— Have the students interpret results, including the similarity and difference between replicates within each condition (reminding them of the reason replicates are needed),and specifically, differences in mold growth related to differences in experimental conditions.

— If there is time, summarize experimental results on a succinct poster for sharing.

— Define the best conditions for storing food, based on their results and additional information (if possible from other groups in their class)

 

 

 

ASSESSMENT

Assessment/Rubrics              Rubrics: Approaches to Learning. Did the students do the following: initiative and curiosity, engagement and persistence, reasoning and problem solving, flexibility, risk taking and responsibility, imagination, creativity and invention.

Assessments                           Rate each report on the groups’ experimental hypothesis, results, and interpretation for the rest of the class.

Accommodations for

Individual Differences          preferential seating, modeling, simplified directions, reading directions, extra time, pairing visual with verbal information, pre-teaching vocabulary and concepts, repeated and simplified directions and chunking information

Self Evaluation/Reflection    Reflect on how the students work with one another.

Where they attentive or off task?

How did they demonstrate learning?

Did it look and sound like a learning environment?

Did the students relate any experiences during the Introduction activities?

What percentage of participation did I receive from the class during closing activities?

 

Lessons 4, 5 and 6

Author: www.carrot museum.com

Based on lesson by: Hands on experiments

 

VITAL INFORMATION

Subject(s) Biology

Topic or Unit of Study: What can students learn from experimenting with a carrot?

Grade/Level: 6, 7 and 8

Start and End Time: 45 minutes per session

IMPLEMENTATION

Concept

Based on the observations and results of their experiments, students will generate testable questions about decomposition by soil microbes.

Objective:     The students will be able to:

  • follow precisely a multistep procedure to carrying out experiments or carrying out technical tasks.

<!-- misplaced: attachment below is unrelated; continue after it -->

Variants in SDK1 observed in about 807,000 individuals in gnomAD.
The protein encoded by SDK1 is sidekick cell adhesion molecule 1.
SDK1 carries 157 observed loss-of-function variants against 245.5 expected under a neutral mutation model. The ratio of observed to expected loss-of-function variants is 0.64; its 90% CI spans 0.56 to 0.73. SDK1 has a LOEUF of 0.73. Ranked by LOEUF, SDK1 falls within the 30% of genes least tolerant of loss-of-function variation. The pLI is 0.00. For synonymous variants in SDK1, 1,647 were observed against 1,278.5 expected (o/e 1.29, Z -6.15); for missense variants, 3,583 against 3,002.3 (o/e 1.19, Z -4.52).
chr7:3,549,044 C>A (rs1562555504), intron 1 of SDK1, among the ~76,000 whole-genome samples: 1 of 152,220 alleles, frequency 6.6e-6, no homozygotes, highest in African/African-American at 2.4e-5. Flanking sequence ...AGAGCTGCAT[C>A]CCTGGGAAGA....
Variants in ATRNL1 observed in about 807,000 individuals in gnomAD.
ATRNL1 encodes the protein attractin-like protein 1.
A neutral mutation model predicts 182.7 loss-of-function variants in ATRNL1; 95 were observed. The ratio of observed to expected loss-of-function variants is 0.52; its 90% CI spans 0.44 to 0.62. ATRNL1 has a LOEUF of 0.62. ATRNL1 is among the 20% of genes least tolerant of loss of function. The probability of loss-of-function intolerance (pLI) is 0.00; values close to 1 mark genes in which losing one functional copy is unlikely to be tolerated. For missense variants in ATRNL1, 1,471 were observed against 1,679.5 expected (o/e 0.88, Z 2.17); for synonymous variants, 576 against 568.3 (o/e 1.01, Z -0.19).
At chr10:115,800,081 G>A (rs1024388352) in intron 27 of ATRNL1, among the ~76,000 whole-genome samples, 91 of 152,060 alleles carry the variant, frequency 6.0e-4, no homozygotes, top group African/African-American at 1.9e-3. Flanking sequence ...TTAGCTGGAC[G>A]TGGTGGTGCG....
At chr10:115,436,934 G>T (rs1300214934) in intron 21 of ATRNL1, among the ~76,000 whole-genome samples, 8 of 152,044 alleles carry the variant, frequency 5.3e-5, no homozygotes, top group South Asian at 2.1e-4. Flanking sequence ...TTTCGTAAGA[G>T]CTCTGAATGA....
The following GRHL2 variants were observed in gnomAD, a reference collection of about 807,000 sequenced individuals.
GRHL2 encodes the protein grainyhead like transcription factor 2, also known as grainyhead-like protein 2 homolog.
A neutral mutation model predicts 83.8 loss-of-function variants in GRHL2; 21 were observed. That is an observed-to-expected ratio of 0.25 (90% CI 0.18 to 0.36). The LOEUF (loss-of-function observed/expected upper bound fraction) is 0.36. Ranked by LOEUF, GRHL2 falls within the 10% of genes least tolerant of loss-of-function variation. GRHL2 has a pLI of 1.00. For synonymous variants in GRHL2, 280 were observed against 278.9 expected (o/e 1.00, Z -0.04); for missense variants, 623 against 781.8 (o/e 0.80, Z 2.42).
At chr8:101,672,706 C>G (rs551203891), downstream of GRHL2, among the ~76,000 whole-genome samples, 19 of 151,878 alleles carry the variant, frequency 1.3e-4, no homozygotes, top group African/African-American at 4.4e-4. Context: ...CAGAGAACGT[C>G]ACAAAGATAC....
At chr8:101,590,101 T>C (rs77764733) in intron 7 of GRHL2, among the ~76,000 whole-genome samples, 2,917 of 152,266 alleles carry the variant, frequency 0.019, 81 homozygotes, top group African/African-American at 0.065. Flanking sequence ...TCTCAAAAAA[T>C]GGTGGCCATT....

• describe a controlled experiment that will
  • test for the effects of a physical feature of the environment, such as the temperature or moisture level.
  • describe some of the physical conditions that are favorable or unfavorable to contribute to changes in the carrots.

General and Domain Specific Vocabulary Terms:

  1. Soil
  2. Osmosis,
  3. Experiments,
  4. Carrot root,
  5. Absorption
  6. Cross

MATERIALS AND RESOURCES

PROCEDURE

Introduction: The students will engage in experiments on the carrot root, test carrot absorption and carrot root cross section.

Teacher Model: The teacher designs and demonstrates an experiment resulting in the final result of the experiment.

Developmental Activities

The web site carrot museum.com has jokes, puzzles brain teasers and games to peak student interest.

 

Science (Inquiry and Design)

            When a carrot grows in the ground, its cells transfer the water in the ground up to the stalks and leaves above ground by a process called osmosis. You can see osmosis at work in this activity. Osmotic pressure has pushed water up into the straw. Osmotic pressure is a kind of pump for plants, helping water to move across cell walls.

Reading, Writing, Speaking and Listening (punctuation, capitalization, spelling and grammar)

Students will prepare a report on your experimental hypothesis, results, and interpretation for the rest of the class

Mathematics, (measurement)

Students will observe, measure and record the changes in the carrots samples

Guided Practice:

             The students will be asked in this laboratory to design an experiment to evaluate how environmental factors influence the growth of carrots. This will be done in a small group setting. The teacher is to use this opportunity to assess as many students as possible with special attention to the struggling learners. If students are unsuccessful at this phase, the teacher can use this as an opportunity to model another lesson.

 

Cooperative Practice:

 

            Students are asked to work in groups of two to demonstrate developing knowledge of the objective. The teacher uses the opportunity to circle the room assessing and assisting as many students as possible with special attention to struggling learners.

 

Independent Practice:

            Students are asked to work independently to demonstrate knowledge of the objective to determine what students know and can do without assistance from the teacher, teacher assistant, or peers. If ,the students are unsuccessful in this phase, than students may benefit from exposure to the general and domain specific vocabulary and/or a second round of the gradual release process.

 

Homework:

 

            The students will be asked to duplicate their theory and design with an experiment using other food items at home and record the results.    

 

Closure: